What Huff is giving us here is some prime military sf cum thriller. There’s enough momentum to keep the stories going (usually) even when there’s no fighting going on, and there are enough unanswered questions – as in, who is behind all this? – to give us a larger mystery beneath the surface story.

There’s a lot more to these books than might be evident on first reading. The “Human’s First” rally is a sobering take on a certain kind of political campaign (and given that An Ancient Peace was published in 2015, it’s more than a little prescient). The subtext of this series, reflected in Torin’s character, is the damage war does — especially to the survivors. Major Sujuno di’Kail, the di’Taykan ex-Marine who leads the thieves in the first volume, saw her whole family wiped out, and we get a good sense of how important family is to the Taykan. Commander Yurrisk, a Krai who, because of war wounds, can no longer live in the trees — which is where the Krai live — lost most of the crew of his ship during the war; he’s gotten his hands on another ship, and is obsessed with the need to keep that ship flying and his crew safe. As for Torin, she is haunted by the former comrades she wasn’t able to save, and her concern for her own team, especially Craig Ryder, a former civilian salvage operator and her lover, and Alamber, a young di’Taykan man who was once part of a crime syndicate (taken out by none other than Torin Kerr) and who is now alone — and a lone di’Taykan is a sad creature indeed — color her reactions to the job — but not enough that she can’t get the job done.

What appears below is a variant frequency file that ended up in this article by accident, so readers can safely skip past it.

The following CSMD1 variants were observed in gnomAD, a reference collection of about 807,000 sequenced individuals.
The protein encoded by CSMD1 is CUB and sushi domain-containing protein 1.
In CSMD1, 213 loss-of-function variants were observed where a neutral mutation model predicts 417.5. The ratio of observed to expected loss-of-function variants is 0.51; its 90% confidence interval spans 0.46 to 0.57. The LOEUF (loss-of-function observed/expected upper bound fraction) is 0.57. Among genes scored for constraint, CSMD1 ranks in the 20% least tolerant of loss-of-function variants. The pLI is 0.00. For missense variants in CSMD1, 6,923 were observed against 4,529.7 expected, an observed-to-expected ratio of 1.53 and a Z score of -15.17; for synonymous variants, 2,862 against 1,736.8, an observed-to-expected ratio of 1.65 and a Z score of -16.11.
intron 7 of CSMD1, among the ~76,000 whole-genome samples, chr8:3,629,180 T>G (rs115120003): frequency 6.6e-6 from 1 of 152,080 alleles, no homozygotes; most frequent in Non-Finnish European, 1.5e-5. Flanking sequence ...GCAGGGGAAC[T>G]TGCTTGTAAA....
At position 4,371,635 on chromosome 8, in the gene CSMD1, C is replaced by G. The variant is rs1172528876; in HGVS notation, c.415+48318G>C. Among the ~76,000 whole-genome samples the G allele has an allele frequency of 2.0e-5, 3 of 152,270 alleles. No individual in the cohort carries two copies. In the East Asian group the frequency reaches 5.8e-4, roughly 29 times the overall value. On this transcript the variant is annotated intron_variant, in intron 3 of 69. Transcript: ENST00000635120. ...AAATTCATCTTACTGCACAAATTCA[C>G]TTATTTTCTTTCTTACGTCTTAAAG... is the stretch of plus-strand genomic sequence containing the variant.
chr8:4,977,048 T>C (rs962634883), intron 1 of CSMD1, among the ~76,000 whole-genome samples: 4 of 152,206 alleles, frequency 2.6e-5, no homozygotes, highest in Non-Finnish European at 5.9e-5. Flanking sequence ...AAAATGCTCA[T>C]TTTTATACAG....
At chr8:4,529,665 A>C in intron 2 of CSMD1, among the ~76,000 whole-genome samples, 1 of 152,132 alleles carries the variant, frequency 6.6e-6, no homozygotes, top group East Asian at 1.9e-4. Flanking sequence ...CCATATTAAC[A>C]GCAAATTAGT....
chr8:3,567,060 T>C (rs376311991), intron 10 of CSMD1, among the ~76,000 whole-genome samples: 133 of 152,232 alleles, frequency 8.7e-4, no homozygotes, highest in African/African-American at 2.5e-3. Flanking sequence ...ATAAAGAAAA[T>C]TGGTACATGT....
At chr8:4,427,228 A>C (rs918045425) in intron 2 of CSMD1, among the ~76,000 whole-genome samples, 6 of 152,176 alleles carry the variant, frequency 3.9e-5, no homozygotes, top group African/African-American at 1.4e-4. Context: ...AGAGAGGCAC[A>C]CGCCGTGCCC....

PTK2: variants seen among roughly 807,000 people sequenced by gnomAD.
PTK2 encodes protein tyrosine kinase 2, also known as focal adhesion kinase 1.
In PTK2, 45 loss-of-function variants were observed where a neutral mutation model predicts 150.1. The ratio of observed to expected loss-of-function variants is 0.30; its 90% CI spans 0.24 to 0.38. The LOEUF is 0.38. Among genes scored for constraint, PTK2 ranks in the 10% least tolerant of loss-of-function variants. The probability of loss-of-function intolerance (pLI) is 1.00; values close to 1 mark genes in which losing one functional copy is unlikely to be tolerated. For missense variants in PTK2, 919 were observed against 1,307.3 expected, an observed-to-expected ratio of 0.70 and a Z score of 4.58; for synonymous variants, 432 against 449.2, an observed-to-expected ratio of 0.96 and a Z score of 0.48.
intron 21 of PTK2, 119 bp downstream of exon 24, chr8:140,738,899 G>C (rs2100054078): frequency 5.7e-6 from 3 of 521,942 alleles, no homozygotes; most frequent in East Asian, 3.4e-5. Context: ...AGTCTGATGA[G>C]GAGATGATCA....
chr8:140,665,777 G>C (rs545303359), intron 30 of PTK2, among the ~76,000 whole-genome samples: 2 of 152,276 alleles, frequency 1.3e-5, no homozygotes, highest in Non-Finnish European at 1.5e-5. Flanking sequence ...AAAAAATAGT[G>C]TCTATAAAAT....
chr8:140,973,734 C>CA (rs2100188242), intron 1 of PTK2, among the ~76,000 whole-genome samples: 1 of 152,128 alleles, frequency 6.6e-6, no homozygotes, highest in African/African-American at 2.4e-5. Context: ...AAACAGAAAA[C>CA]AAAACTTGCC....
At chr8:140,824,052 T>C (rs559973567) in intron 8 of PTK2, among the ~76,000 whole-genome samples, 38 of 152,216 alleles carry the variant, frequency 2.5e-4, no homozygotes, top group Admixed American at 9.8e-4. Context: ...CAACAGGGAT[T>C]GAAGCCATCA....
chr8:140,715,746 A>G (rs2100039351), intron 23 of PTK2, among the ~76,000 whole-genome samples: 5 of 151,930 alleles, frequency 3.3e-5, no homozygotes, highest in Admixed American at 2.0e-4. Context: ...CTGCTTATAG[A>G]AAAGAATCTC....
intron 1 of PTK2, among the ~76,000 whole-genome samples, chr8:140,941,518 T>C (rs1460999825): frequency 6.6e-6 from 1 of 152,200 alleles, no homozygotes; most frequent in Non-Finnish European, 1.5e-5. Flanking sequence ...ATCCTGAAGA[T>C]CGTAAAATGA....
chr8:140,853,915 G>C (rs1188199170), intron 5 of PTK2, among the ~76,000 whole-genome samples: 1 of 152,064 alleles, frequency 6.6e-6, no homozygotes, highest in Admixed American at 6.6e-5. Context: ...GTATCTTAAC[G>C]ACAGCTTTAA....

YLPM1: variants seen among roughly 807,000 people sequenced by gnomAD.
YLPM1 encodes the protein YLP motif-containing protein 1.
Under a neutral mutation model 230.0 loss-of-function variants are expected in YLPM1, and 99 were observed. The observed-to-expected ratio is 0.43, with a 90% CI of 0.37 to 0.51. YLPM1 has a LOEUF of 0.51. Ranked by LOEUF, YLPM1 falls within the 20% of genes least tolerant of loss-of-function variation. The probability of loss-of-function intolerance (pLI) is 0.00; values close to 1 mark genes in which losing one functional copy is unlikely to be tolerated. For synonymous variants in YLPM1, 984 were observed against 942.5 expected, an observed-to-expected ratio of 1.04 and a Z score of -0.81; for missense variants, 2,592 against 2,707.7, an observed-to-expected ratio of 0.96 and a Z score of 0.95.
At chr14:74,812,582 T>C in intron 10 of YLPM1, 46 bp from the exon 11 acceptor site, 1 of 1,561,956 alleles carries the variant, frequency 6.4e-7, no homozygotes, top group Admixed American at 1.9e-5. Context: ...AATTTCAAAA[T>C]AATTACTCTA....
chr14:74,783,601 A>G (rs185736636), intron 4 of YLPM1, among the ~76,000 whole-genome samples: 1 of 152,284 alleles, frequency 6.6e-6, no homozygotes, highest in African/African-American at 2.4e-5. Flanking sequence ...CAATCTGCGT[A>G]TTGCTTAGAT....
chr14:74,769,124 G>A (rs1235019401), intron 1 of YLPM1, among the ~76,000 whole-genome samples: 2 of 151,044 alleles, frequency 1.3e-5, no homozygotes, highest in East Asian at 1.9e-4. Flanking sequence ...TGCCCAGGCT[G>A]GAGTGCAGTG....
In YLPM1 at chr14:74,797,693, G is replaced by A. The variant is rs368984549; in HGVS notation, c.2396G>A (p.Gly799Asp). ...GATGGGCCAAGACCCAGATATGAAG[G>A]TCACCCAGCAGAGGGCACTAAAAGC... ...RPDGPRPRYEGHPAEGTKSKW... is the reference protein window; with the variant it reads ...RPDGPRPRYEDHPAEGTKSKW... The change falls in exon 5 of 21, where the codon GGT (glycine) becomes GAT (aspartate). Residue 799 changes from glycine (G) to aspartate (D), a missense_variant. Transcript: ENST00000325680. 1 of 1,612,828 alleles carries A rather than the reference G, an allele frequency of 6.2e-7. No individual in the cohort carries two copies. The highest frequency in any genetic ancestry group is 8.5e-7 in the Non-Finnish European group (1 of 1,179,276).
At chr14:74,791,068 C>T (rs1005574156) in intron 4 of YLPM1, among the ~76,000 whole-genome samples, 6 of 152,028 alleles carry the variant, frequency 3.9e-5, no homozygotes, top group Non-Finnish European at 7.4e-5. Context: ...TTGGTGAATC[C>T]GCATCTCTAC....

And there’s enough politics involved, of the “us versus the bureaucracy” type, that Huff’s flair for satire gets full play.

These two are fun to read, engaging and witty, and there’s more to look forward to: by the end of A Peace Divided, we can identify the shadowy figure behind all of these attempts to find and/or resurrect ancient weapons (and behind Humans First, which has lost the apostrophe), and Kerr and her team have a good idea who it is, but that matter hasn’t been resolved.

And then there are the aliens, who said they were leaving. They said.

There’s at least one more book here, there has to be, and I for one, am looking forward to it.

(Daw Books, 2015)
(Daw Books, 2017)

Robert

Robert M. Tilendis lives a deceptively quiet life. He has made money as a dishwasher, errand boy, legal librarian, arts administrator, shipping expert, free-lance writer and editor, and probably a few other things he’s tried very hard to forget about. He has also been a student of history, art, theater, psychology, ceramics, and dance. Through it all, he has been an artist and poet, just to provide a little stability in his life. Along about January of every year, he wonders why he still lives someplace as mundane as Chicago; it must be that he likes it there. You may e-mail him, but include a reference to Green Man Review so you don’t get deleted with the spam.